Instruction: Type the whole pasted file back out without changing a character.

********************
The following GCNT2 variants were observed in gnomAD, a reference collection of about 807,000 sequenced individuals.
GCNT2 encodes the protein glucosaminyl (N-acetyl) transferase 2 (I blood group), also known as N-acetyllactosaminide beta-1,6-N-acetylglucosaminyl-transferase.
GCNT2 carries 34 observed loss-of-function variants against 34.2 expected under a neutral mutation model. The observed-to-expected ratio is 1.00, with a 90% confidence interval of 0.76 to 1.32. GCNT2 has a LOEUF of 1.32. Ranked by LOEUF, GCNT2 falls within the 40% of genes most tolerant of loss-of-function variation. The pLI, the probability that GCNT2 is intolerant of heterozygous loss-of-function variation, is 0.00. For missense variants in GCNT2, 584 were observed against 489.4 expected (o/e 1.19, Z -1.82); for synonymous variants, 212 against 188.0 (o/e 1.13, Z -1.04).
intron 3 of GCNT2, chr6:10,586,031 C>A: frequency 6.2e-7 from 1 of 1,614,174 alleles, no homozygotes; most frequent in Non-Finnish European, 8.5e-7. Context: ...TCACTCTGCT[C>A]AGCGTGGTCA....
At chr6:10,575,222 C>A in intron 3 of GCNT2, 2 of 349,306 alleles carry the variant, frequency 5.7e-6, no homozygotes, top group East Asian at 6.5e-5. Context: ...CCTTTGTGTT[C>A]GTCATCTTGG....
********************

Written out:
The following GCNT2 variants were observed in gnomAD, a reference collection of about 807,000 sequenced individuals.
GCNT2 encodes the protein glucosaminyl (N-acetyl) transferase 2 (I blood group), also known as N-acetyllactosaminide beta-1,6-N-acetylglucosaminyl-transferase.
GCNT2 carries 34 observed loss-of-function variants against 34.2 expected under a neutral mutation model. The observed-to-expected ratio is 1.00, with a 90% confidence interval of 0.76 to 1.32. GCNT2 has a LOEUF of 1.32. Ranked by LOEUF, GCNT2 falls within the 40% of genes most tolerant of loss-of-function variation. The pLI, the probability that GCNT2 is intolerant of heterozygous loss-of-function variation, is 0.00. For missense variants in GCNT2, 584 were observed against 489.4 expected (o/e 1.19, Z -1.82); for synonymous variants, 212 against 188.0 (o/e 1.13, Z -1.04).
intron 3 of GCNT2, chr6:10,586,031 C>A: frequency 6.2e-7 from 1 of 1,614,174 alleles, no homozygotes; most frequent in Non-Finnish European, 8.5e-7. Context: ...TCACTCTGCT[C>A]AGCGTGGTCA....
At chr6:10,575,222 C>A in intron 3 of GCNT2, 2 of 349,306 alleles carry the variant, frequency 5.7e-6, no homozygotes, top group East Asian at 6.5e-5. Context: ...CCTTTGTGTT[C>A]GTCATCTTGG....